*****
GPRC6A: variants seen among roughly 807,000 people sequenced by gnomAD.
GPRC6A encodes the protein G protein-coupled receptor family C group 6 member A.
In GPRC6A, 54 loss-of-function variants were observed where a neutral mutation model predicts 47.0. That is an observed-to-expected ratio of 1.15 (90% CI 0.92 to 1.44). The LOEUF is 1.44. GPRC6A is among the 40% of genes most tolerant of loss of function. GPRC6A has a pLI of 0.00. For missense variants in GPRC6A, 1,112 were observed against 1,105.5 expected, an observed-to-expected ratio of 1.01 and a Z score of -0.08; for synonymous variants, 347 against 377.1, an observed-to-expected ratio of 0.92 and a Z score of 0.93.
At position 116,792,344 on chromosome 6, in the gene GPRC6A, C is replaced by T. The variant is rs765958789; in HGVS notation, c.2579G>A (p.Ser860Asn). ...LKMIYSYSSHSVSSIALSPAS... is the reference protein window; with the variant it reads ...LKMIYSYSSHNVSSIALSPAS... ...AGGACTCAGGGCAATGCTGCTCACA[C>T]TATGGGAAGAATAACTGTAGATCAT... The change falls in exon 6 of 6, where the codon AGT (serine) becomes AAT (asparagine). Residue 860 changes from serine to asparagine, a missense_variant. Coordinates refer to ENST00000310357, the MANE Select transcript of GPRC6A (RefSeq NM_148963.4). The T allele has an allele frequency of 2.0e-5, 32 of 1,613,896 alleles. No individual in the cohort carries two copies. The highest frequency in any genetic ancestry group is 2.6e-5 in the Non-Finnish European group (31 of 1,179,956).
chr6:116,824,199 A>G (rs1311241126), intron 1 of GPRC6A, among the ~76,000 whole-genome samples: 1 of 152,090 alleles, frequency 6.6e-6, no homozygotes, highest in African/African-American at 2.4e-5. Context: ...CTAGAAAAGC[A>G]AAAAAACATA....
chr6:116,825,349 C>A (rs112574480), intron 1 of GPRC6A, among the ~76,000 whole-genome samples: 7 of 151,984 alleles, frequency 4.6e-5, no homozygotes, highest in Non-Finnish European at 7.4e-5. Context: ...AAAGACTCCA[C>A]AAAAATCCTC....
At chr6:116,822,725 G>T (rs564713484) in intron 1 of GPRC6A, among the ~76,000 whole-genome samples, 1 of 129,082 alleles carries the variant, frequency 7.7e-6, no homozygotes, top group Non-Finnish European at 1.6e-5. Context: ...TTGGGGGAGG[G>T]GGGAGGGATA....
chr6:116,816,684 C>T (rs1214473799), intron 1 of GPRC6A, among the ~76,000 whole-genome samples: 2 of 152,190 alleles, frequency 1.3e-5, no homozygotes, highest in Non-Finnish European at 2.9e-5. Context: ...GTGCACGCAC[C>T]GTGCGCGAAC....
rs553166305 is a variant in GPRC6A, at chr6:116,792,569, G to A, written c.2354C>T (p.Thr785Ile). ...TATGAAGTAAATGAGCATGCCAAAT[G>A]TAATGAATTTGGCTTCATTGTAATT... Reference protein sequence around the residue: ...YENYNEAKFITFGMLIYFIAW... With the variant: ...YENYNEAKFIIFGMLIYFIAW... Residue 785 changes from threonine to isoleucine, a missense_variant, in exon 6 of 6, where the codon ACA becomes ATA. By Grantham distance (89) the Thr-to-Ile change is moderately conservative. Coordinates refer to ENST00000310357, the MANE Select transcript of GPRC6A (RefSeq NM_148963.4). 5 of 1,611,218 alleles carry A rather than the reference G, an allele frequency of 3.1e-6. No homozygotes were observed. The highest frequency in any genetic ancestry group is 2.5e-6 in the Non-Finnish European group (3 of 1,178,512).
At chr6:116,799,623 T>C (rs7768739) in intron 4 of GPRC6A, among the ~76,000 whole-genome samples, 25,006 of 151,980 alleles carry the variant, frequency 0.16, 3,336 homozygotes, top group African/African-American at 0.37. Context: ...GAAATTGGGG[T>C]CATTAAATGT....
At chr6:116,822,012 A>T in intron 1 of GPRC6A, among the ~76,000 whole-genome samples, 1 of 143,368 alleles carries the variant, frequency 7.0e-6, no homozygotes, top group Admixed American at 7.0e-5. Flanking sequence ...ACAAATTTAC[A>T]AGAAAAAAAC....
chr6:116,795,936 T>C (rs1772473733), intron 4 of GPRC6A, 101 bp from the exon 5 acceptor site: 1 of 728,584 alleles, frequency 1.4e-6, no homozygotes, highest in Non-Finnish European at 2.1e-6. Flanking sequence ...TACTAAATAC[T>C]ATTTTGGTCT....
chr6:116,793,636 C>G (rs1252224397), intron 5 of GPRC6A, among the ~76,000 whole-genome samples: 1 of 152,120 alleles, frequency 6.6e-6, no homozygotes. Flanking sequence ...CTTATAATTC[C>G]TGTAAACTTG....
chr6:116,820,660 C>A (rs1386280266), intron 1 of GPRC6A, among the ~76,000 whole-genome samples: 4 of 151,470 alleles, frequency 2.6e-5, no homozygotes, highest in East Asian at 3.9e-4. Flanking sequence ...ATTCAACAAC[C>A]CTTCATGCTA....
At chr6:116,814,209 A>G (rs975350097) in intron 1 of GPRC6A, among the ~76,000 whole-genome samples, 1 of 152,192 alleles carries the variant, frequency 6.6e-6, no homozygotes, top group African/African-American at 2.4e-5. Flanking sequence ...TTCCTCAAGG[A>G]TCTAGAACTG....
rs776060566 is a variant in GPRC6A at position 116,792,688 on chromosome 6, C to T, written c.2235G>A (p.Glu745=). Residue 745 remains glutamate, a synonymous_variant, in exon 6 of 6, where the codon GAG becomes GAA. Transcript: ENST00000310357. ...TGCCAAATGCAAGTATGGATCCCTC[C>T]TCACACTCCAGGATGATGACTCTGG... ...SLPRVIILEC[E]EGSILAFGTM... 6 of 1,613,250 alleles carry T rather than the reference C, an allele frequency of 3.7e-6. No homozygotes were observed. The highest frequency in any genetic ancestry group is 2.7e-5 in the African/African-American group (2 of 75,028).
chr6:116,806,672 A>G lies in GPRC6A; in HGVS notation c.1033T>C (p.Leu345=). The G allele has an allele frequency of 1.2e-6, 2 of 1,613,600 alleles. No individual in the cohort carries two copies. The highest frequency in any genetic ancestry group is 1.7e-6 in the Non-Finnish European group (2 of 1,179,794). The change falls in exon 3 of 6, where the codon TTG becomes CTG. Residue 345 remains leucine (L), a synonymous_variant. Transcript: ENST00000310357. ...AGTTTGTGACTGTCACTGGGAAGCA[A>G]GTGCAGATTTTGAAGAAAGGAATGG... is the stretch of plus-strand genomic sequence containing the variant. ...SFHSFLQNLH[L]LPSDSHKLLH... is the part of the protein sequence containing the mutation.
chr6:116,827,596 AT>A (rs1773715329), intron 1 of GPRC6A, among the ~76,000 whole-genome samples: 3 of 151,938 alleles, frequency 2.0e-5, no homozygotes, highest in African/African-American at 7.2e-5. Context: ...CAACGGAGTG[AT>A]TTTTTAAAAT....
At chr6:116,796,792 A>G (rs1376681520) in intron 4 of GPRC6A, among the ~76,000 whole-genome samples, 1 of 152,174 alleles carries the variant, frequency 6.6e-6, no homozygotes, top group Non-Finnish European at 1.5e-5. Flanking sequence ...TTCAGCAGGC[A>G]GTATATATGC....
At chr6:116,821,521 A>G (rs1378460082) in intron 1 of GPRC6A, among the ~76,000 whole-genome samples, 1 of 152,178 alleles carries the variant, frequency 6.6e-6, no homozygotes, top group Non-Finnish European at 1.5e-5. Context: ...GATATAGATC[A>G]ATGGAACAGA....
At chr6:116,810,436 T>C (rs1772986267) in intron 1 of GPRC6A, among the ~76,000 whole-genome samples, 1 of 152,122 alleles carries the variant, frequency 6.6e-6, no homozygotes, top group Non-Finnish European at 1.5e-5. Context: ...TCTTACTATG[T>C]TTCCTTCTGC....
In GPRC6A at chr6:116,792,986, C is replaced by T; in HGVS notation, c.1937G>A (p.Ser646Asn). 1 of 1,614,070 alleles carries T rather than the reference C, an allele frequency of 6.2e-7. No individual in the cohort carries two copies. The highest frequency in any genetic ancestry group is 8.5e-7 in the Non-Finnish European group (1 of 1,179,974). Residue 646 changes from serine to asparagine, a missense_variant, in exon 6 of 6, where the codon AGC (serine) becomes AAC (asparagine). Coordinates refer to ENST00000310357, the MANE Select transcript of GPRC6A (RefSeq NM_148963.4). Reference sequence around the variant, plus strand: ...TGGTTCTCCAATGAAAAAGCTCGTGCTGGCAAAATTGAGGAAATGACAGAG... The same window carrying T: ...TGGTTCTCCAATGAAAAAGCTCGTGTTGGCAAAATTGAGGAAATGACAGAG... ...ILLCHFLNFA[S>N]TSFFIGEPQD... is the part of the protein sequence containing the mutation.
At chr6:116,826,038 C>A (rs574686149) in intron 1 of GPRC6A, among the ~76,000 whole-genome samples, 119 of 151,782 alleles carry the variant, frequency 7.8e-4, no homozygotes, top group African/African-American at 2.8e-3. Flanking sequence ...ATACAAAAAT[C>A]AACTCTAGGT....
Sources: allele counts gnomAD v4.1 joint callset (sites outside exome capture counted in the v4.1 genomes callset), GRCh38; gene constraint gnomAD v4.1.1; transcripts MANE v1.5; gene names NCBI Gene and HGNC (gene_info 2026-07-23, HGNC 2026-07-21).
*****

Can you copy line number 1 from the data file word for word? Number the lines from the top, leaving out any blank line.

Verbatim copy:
GPRC6A: variants seen among roughly 807,000 people sequenced by gnomAD.